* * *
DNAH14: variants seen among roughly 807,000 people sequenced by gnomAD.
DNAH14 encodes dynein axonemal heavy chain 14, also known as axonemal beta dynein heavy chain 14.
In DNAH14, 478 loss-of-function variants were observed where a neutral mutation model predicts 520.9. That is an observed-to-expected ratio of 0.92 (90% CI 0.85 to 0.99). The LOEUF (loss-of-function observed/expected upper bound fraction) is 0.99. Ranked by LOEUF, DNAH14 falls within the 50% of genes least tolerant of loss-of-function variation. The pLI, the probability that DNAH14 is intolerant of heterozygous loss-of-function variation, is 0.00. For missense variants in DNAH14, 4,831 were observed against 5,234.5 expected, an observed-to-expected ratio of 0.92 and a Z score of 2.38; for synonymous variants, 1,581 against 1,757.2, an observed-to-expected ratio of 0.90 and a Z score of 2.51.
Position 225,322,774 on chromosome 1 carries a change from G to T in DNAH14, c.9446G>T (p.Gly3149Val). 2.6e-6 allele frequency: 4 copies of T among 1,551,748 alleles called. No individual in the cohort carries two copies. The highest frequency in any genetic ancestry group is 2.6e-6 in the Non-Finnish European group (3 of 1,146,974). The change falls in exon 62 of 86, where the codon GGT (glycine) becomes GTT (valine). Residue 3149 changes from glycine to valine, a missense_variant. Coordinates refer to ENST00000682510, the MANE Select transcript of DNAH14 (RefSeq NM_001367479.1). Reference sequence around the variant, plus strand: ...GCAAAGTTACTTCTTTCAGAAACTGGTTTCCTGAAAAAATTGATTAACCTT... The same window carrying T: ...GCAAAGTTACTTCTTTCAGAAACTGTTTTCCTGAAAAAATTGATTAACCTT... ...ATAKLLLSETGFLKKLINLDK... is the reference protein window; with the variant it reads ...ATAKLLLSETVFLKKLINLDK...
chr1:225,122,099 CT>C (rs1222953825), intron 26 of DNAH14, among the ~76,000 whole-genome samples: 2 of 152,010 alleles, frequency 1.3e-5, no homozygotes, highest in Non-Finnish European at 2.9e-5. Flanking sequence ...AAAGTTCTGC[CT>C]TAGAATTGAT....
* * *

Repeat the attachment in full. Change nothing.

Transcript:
DNAH14: variants seen among roughly 807,000 people sequenced by gnomAD.
DNAH14 encodes dynein axonemal heavy chain 14, also known as axonemal beta dynein heavy chain 14.
In DNAH14, 478 loss-of-function variants were observed where a neutral mutation model predicts 520.9. That is an observed-to-expected ratio of 0.92 (90% CI 0.85 to 0.99). The LOEUF (loss-of-function observed/expected upper bound fraction) is 0.99. Ranked by LOEUF, DNAH14 falls within the 50% of genes least tolerant of loss-of-function variation. The pLI, the probability that DNAH14 is intolerant of heterozygous loss-of-function variation, is 0.00. For missense variants in DNAH14, 4,831 were observed against 5,234.5 expected, an observed-to-expected ratio of 0.92 and a Z score of 2.38; for synonymous variants, 1,581 against 1,757.2, an observed-to-expected ratio of 0.90 and a Z score of 2.51.
Position 225,322,774 on chromosome 1 carries a change from G to T in DNAH14, c.9446G>T (p.Gly3149Val). 2.6e-6 allele frequency: 4 copies of T among 1,551,748 alleles called. No individual in the cohort carries two copies. The highest frequency in any genetic ancestry group is 2.6e-6 in the Non-Finnish European group (3 of 1,146,974). The change falls in exon 62 of 86, where the codon GGT (glycine) becomes GTT (valine). Residue 3149 changes from glycine to valine, a missense_variant. Coordinates refer to ENST00000682510, the MANE Select transcript of DNAH14 (RefSeq NM_001367479.1). Reference sequence around the variant, plus strand: ...GCAAAGTTACTTCTTTCAGAAACTGGTTTCCTGAAAAAATTGATTAACCTT... The same window carrying T: ...GCAAAGTTACTTCTTTCAGAAACTGTTTTCCTGAAAAAATTGATTAACCTT... ...ATAKLLLSETGFLKKLINLDK... is the reference protein window; with the variant it reads ...ATAKLLLSETVFLKKLINLDK...
chr1:225,122,099 CT>C (rs1222953825), intron 26 of DNAH14, among the ~76,000 whole-genome samples: 2 of 152,010 alleles, frequency 1.3e-5, no homozygotes, highest in Non-Finnish European at 2.9e-5. Flanking sequence ...AAAGTTCTGC[CT>C]TAGAATTGAT....